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Post- magazine, September 22, 2011

Post- magazine, September 22, 2011

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Published by: The Brown Daily Herald on Sep 22, 2011
Copyright:Attribution Non-commercial


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 A Sentimental Education
the oft-romanticized ruth simmons
upfront featurearts & culturearts & culturelifestylelifestyle
internsh*ts // charles pletchera sentimental education // mar-shall kathedero, canada // michaelchiboucasblurring the lines // ameliastantona world without borders // beritgoetzmy mun is all that // jen harlancommunity works // emilyspinnersexicon // MMemily postjust dorian
Sam KnowlesAmelia Stanton
Managing Editor ofFeatures
Charles Pletcher
Managing Editor of Arts& Culture
 Jennie Young Carr
Managing Editor ofLifestyle
 Jane Brendlinger
Features Editors
Zoë HomanEmily Spinner
 Arts & Culture Editors
Clayton AldernTyler Bourgoise
Lifestyle Editors
 Jen HarlanAlexa Trearchis
Pencil Pusher
Phil Lai
Chief Layout Editor
Clara Beyer
 Aesthetic Mastermind
Lucas Huh
Copy Chiefs
 Julia Kantor Justine Palesky
Staff Wrter
Berit Goetz
Copy Editors
Lucas HuhKristina PetersenAllison Shar
Berge Watcher
Matt Klebano
Post- Magazine is pub-lished every Thursday inthe Brown Daily Herald.It covers books, theater,music, flm, ood, art, andUniversity culture aroundCollege Hill. Post- edi-tors can be contacted atpost.magazine@gmail.com. Letters are alwayswelcome, and can beeither e-mailed or sentto Post- Magazine, 195Angell Street, Providence,RI 02906. We claim theright to edit letters or style,clarity, and length.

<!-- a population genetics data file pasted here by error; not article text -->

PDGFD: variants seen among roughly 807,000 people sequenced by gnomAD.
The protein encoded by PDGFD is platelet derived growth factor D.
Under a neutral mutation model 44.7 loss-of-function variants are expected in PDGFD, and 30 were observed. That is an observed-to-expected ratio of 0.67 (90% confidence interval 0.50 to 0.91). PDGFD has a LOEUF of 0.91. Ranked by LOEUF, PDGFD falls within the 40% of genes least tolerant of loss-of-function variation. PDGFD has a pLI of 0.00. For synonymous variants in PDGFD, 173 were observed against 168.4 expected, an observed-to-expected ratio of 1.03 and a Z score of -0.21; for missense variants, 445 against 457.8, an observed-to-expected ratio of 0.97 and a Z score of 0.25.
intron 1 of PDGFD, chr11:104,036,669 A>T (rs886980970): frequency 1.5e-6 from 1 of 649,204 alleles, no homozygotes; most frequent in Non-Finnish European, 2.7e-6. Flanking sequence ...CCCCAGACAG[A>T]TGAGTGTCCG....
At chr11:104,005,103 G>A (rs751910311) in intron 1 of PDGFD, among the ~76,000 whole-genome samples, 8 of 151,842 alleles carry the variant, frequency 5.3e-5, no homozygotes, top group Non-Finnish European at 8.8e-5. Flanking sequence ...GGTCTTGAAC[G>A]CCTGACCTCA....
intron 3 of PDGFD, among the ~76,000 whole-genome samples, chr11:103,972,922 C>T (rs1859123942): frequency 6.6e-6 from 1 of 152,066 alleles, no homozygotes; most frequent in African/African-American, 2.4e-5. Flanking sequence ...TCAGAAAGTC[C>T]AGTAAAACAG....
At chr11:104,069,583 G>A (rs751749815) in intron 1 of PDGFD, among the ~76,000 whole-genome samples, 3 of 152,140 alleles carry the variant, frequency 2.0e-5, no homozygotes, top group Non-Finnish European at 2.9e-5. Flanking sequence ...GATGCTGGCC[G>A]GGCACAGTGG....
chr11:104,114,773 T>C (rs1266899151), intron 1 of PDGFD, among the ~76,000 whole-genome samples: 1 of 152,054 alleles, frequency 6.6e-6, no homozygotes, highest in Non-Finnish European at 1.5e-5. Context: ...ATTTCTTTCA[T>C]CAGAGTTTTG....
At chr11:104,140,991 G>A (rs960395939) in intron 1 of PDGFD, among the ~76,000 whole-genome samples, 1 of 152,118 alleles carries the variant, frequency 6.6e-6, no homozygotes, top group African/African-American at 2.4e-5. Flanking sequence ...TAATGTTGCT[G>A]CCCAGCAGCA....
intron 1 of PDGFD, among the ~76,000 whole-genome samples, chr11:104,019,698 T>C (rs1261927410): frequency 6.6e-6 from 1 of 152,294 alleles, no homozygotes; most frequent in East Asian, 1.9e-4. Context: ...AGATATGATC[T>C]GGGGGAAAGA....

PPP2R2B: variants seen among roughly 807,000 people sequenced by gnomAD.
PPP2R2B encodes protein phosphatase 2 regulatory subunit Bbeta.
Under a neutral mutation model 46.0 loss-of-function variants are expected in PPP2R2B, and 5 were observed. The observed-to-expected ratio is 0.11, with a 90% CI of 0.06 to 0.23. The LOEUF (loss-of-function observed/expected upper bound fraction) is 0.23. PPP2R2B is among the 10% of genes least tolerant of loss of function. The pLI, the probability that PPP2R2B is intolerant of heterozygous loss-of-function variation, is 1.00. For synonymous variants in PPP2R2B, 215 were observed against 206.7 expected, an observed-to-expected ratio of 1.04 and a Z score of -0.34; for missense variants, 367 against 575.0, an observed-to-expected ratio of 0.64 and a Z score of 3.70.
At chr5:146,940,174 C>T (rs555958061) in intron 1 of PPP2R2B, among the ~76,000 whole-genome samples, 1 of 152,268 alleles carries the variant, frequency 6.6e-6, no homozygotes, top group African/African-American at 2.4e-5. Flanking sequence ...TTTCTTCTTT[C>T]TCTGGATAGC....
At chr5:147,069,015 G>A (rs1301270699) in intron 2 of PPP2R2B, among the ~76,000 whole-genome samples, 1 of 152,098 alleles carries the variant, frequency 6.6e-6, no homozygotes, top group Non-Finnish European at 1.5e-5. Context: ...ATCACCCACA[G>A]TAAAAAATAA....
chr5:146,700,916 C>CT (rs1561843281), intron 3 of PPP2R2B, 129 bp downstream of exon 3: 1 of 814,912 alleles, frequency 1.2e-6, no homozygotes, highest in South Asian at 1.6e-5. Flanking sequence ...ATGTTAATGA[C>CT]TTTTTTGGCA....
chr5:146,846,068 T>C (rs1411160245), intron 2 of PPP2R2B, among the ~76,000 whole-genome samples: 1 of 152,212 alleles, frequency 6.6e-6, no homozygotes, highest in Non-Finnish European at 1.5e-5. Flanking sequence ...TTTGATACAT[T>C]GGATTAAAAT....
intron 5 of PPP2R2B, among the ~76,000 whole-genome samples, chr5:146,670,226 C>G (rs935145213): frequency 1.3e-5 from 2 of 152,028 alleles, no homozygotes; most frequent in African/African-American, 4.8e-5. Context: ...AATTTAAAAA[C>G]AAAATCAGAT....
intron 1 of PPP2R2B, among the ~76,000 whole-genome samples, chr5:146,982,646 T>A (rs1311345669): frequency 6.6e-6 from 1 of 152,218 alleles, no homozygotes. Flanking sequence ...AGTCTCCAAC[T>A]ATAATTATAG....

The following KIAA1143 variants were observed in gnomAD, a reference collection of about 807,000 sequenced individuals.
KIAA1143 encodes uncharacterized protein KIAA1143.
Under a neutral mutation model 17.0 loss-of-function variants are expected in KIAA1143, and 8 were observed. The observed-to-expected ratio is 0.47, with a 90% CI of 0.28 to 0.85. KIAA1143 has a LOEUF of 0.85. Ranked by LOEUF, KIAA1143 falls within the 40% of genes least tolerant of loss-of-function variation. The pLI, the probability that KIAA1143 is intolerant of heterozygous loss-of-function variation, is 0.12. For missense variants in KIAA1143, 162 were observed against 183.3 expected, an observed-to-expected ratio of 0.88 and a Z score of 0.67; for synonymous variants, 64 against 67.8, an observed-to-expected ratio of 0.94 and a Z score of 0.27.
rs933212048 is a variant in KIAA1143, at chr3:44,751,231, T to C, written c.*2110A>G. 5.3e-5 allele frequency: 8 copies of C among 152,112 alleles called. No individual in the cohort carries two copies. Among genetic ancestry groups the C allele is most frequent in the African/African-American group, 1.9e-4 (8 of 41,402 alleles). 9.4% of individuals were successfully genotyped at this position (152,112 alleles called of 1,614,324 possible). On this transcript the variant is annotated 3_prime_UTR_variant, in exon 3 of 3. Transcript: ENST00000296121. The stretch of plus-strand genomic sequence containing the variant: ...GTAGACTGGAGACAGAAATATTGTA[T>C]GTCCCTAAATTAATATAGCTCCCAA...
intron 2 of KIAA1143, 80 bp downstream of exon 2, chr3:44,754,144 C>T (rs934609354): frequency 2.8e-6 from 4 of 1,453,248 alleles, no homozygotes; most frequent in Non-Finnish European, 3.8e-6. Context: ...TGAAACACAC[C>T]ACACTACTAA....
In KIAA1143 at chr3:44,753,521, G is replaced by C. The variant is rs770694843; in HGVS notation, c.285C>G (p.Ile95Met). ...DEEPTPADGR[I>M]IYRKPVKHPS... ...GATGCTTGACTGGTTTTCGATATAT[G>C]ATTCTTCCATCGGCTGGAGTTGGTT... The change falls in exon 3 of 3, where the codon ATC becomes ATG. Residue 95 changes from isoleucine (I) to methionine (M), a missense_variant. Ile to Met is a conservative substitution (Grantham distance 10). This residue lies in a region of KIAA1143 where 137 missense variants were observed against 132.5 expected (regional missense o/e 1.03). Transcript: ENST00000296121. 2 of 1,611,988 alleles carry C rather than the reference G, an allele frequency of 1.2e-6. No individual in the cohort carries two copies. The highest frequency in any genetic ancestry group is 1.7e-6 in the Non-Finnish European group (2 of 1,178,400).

cover // madeleine denmaninternshits // sheila sitaramruth // phil laicanada // phil laiperkins // anish gonchigarborders // adela wumuns // marissa ilardi
    w    e    e      k    e    n      d
Last week, we were out by 1:30. Clara got her moz-zarella sticks at last—a pipe-dream realized, an unex-pected celebration.Fast orward to Issue 2, the one that lies beore you.When 9:30 rolled around, everything changed. Anepic game o musical chairs waged in our rectangularwar room. There were casualties, o course—includinga beautiul cover you’ll never see. But alas, qué será,será.So we sign o, a little later than last week. But we allsurvived.Please read us. I only because Marshall is back, in allhis glory...
sam and amelia
Naked people! In a show!Check out
The Visit 
at PW, this Friday through Monday night.
Thursdays in the Brown Daily Herald
music isbooks istv isfood isbooze is